It was a relief to see the familiar faces of my aunt and uncle searching for me at Cape Town bus terminal after another 20 hour bus journey. I had left Windhoek the night before after 6 days driving myself around Namibia and was looking forward to some down time catching up and cleaning up. After setting a wash on (I was so excited about having clean clothes that I unpacked my bag directly into the washing machine) and a shave (I had to go and buy a razor as neglected to bring one on my travels), my uncle and I went to pick up my sister, Kathy, who was arriving back from 6 months in New Zealand. General tiredness and jet-lag soon ate into our conversations and I sank into the comfort of a well known bed in a welcoming home.

Chapman’s Peak Cycle – Image courtesy of Hayley Harpur

The relaxing lasted all of one night, Hayley, my other sister arrived the following day with plans for a short cycle. I reluctantly agreed so long as they would take it easy on me and we set off to meet a friend in Sea Point. Upon reaching Sea Point I thought it wasn’t such a bad cycle and was pleased with myself for keeping pace. My face dropped and my legs turned to jelly when as told me that the cycle had not started and we were actually heading up Chapman’s Peak. Over half an Argus (70km) later and I was truly broken, both physically and mentally at how fresh they all still looked, but that just made the cold beer in hand and stunning sunset even more enjoyable.

Sunset over Sea Point. 
Some point that evening amidst catching up and making new acquaintances it was agreed that we would climb Table Mountain the following day. With an early start I was grateful they did not make me cycle to the start of the trail. The route, Indian Vensters, which was chosen by Kathy would turn out to be a good challenge with plenty of scrambling but that didn’t stop her pushing us to make it to the top well within the 2.5hrs suggested hike time. After lunch on the table it was more of a jog down than a Sunday afternoon stroll, with Hayley and her trail running buddies taking the lead. By the time we got to the bottom I was more than ready for sun-downers and decided to forgo the cycle back to my aunt and uncle’s in favour of a lift to the waterfront followed by beers lit by the long rays of the evening sun.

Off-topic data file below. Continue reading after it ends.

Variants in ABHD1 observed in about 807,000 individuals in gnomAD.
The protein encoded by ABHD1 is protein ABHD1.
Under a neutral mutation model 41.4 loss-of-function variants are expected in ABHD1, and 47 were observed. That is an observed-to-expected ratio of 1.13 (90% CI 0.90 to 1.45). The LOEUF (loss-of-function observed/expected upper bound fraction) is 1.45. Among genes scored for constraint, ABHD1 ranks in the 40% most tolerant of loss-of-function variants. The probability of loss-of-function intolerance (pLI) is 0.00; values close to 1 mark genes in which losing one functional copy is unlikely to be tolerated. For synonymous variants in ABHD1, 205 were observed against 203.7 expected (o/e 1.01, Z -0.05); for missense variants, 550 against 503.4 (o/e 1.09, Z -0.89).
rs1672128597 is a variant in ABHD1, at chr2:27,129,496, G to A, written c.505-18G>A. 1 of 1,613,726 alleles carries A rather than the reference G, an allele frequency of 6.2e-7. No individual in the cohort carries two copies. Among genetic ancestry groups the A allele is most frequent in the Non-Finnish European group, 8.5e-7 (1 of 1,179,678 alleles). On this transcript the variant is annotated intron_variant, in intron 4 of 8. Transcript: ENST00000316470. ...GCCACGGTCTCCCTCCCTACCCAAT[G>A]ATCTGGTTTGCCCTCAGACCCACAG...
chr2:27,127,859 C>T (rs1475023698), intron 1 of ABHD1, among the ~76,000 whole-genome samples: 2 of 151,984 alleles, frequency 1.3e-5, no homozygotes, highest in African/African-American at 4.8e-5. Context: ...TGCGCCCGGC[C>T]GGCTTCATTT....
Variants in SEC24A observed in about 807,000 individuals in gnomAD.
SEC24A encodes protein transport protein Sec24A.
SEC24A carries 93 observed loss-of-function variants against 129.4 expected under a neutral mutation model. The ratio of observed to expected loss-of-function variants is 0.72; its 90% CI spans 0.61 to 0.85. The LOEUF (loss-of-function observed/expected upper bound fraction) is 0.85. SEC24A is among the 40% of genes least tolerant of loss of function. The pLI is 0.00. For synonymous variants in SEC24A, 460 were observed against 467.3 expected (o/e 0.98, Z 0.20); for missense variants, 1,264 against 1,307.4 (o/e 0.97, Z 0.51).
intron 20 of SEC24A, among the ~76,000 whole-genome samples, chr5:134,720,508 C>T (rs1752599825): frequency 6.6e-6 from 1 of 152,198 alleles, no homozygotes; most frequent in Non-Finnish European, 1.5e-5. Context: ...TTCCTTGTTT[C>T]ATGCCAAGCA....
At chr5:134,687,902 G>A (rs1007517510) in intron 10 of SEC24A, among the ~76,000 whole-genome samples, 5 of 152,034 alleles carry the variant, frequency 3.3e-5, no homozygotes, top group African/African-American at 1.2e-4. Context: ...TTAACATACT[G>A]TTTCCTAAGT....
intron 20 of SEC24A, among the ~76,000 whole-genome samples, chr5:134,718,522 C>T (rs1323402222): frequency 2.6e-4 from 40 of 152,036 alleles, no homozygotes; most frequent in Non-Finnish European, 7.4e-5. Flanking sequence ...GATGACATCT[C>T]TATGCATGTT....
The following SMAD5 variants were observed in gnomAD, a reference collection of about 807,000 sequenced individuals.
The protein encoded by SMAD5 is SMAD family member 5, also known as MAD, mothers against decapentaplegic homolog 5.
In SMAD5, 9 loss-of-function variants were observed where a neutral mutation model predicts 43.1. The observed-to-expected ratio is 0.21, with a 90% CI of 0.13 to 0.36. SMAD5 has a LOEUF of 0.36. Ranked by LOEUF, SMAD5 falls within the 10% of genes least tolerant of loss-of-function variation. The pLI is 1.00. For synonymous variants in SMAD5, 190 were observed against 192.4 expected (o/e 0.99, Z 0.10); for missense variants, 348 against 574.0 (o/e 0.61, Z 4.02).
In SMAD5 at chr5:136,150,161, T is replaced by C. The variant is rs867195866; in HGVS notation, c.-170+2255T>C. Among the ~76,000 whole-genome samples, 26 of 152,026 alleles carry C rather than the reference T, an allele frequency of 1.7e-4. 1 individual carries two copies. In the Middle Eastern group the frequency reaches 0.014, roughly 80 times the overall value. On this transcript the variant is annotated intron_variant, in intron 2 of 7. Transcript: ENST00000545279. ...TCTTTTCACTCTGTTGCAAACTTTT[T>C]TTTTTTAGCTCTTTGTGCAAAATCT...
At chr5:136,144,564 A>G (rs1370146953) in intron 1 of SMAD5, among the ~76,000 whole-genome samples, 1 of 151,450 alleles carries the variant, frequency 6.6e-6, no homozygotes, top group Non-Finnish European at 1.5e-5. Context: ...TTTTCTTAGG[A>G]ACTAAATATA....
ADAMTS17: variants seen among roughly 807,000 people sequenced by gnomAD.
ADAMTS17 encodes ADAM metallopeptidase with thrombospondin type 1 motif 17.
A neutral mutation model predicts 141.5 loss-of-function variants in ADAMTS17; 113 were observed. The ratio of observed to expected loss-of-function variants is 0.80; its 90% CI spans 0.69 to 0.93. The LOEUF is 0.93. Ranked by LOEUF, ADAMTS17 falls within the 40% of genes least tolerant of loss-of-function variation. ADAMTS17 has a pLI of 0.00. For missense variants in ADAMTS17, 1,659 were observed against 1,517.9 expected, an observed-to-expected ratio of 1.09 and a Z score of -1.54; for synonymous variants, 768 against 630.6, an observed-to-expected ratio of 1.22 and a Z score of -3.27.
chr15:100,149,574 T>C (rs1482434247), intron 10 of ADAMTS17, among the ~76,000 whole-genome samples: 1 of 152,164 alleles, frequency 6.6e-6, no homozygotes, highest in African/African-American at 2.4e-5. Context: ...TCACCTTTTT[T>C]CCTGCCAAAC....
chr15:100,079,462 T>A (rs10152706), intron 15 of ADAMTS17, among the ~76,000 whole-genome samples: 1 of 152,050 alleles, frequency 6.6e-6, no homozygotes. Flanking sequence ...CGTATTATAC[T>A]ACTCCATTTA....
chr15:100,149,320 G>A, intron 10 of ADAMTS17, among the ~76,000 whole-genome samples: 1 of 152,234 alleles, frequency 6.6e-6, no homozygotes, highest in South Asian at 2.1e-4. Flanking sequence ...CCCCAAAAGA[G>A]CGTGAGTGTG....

Hiking Table Mountain – Image courtesy of Hayley Harpur
Sun-downers with Hayley at the V&A Waterfront


To end off an energetic weekend I spent the night at Hayley’s house at the Strand, the whole time thinking to myself, “This is like those places we always used to see at the beach as kids and wonder what type of people lived in them.” The morning greeted us with a misty ocean which demanded wetsuits for the morning SUP session we had planned. It was fantastic to get out on the water even if it wasn’t on a windsurfer, it brought back the enjoyment and enhanced the excitement of the Greece trip to come. The session ended with me making a 500m swim back to the shore after loosing my paddle and board when under estimating the size of a wave and catching it side on. Both washed up, saving me the embarrassment of appearing through the mist empty handed. As it was Hayley managed to grab this rather moody shot as I wandered up the beach to find her and the instructor searching for me.

The rest of the South Africa stay, aside for a trip up the west coast, followed a similar pattern and included regular tennis at Pinelands Club and one very early morning bike ride followed by coffee at a quirky coffee shop hidden down an alley only known to the local cycling crew. Speaking of quirky coffee shops, it seems to me that this is a side of Cape Town I never fully appreciated or maybe it is a side that I have only just begin to experience in earnest. Either way there was something different about this trip back to SA, it was the first time that I found myself thinking, “Something has changed, this is actually and amazing place, maybe one day I can see myself back here on a more permanent basis.”

Early morning cycle with Kathy

Well deserved hub cap breakfast at the cycle cafe.